Lawyers and Literature

| Spring | 2018 |


Stories That Come Our Way

"Weight," in Margaret Atwood, Wilderness Tips 163-178 (New York: Bantam Doubleday Dell, 1990)

 Biographical Note & Web Resources: Margaret Atwood

"Puttermesser: Her Work History Her Ancestry, Her Afterlife," in Cynthia Ozick, Levitation: Five Fictions (New York: Alfred A. Knopf, 1982)

 The Cynthia Ozick story was first published in The New Yorker in 1977, and was collected in Cynthia Ozick's Levitation: Five Fictions (New York: Alfred A. Knopf, 1982). The story was reprinted in Jay Wishingrad (ed.), Legal Fictions: Short Stories About Lawyers and the Law 82-96 (Woodstock, New York: Overlook Press, 1992). The Puttermesser story later appeared as the first chapter (paper) in Ozick's novel, The Puttermesser Papers (New York: Alfred A. Knopf, 1997)

Biographical Note
Cynthia Ozick



 Cynthia Ozick: Resources

"Let's Do," in Rebecca Meacham, Let's Do 63-86 (Denton, Texas: University of North Texas Press, 2004) [reprinted, 36 Legal Stud. F. 1 (2013)]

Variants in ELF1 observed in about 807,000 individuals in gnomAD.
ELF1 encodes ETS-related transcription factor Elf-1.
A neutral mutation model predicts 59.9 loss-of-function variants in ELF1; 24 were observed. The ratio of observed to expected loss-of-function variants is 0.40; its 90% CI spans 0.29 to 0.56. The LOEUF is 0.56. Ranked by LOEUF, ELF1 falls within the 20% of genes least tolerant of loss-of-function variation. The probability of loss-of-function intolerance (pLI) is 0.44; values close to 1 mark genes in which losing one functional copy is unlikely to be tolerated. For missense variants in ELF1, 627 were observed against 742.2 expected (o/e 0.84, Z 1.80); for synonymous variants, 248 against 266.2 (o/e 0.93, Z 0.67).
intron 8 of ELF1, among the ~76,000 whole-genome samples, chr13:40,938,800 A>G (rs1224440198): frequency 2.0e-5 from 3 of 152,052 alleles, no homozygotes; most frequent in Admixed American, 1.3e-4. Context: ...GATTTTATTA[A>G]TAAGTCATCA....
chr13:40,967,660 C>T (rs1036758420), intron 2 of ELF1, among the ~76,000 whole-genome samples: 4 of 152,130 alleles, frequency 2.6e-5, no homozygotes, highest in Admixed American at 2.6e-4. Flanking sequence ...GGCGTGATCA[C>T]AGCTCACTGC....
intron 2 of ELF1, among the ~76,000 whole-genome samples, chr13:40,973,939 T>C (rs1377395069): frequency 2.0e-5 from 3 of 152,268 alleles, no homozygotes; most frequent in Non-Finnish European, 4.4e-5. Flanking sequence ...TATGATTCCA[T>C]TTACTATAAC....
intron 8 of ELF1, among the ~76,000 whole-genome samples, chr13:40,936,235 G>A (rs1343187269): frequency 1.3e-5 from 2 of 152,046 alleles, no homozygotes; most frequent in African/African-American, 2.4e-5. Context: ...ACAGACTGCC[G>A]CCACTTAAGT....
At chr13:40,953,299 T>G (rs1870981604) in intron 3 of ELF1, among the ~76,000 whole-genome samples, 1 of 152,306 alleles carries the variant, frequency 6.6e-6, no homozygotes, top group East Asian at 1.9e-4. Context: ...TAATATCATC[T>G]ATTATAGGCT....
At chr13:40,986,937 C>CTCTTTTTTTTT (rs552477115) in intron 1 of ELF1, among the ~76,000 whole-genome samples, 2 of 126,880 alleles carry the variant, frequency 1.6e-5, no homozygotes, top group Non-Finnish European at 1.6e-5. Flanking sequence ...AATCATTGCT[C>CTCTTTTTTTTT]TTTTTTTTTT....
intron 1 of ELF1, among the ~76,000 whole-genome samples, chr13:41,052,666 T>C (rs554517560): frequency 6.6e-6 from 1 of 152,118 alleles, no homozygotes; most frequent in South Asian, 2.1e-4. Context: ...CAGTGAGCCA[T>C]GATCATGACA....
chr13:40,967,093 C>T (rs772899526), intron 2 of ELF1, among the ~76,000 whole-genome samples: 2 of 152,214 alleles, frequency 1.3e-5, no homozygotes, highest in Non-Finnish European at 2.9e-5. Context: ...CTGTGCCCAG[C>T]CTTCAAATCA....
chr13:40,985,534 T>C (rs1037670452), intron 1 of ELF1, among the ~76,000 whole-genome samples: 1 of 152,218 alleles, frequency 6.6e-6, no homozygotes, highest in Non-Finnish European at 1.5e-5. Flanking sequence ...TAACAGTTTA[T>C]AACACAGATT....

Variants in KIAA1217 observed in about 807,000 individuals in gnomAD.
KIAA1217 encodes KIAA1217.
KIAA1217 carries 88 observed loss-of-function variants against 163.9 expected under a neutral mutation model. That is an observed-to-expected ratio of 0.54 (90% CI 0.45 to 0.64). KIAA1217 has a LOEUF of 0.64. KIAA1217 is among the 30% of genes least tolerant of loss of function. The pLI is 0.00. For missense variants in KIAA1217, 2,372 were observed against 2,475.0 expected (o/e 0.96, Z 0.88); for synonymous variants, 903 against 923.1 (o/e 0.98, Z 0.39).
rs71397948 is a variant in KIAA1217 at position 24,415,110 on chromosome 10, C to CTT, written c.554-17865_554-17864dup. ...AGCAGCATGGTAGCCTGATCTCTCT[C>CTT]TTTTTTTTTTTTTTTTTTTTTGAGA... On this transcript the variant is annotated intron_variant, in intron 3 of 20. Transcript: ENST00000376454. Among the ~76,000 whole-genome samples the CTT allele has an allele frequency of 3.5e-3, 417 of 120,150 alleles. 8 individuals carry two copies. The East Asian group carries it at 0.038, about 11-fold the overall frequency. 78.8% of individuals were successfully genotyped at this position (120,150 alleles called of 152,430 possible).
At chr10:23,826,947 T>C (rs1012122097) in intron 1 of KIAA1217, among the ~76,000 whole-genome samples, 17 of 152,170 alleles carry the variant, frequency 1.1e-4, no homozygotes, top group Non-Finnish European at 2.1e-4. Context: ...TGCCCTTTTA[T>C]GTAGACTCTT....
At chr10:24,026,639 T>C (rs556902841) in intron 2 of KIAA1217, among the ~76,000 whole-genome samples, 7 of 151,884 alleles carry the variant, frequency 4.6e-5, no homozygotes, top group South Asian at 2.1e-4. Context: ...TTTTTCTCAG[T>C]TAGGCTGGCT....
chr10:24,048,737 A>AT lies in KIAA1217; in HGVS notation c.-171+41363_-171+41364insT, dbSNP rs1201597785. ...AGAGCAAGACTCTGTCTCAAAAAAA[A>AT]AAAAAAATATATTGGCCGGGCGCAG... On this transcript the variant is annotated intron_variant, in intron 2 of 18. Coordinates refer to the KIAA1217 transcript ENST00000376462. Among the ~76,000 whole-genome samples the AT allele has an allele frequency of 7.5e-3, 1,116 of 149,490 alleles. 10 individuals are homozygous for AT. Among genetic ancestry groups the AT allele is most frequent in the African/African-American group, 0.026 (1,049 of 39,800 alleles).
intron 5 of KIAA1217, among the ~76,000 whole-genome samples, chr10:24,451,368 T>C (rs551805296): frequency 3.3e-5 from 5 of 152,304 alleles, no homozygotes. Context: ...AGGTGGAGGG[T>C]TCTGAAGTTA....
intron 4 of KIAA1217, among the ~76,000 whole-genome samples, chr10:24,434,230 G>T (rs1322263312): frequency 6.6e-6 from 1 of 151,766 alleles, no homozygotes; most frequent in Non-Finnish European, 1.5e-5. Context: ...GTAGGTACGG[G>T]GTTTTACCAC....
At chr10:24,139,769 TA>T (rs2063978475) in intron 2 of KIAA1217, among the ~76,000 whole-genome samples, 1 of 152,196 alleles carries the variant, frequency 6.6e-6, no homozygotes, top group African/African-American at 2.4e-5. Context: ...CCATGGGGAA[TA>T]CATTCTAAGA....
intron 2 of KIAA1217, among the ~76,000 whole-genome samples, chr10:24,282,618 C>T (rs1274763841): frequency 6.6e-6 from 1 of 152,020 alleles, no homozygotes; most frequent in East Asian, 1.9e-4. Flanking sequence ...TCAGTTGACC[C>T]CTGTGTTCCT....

Rebecca Meacham is an Ohio native. She received her MFA in fiction from Bowling Green State University and her Ph.D from the University of Cincinnati. She lives in Wisconsin, where she is a professor at the University of Wisconsin-Green Bay. [Rebecca Meacham]

Supplemental Reading

"Mentoring," in Lowell B. Komie, The Legal Fiction of Lowell B. Komie 47-54 (Chicago: Swordfish Chicago, 2005) (Alison Hirsch "was to become the firm's Jewess. She knew it when they hired her. The hiring committee had been so obsequious and deferential she knew they could hardly afford to let her get away. It was time for a woman and Jew, and she fit both categories." This is the first paragraph of Komie's "Mentoring.")

A Note on Writing

She: Portrait of the Essay as a Warm Body
Cynthia Ozick

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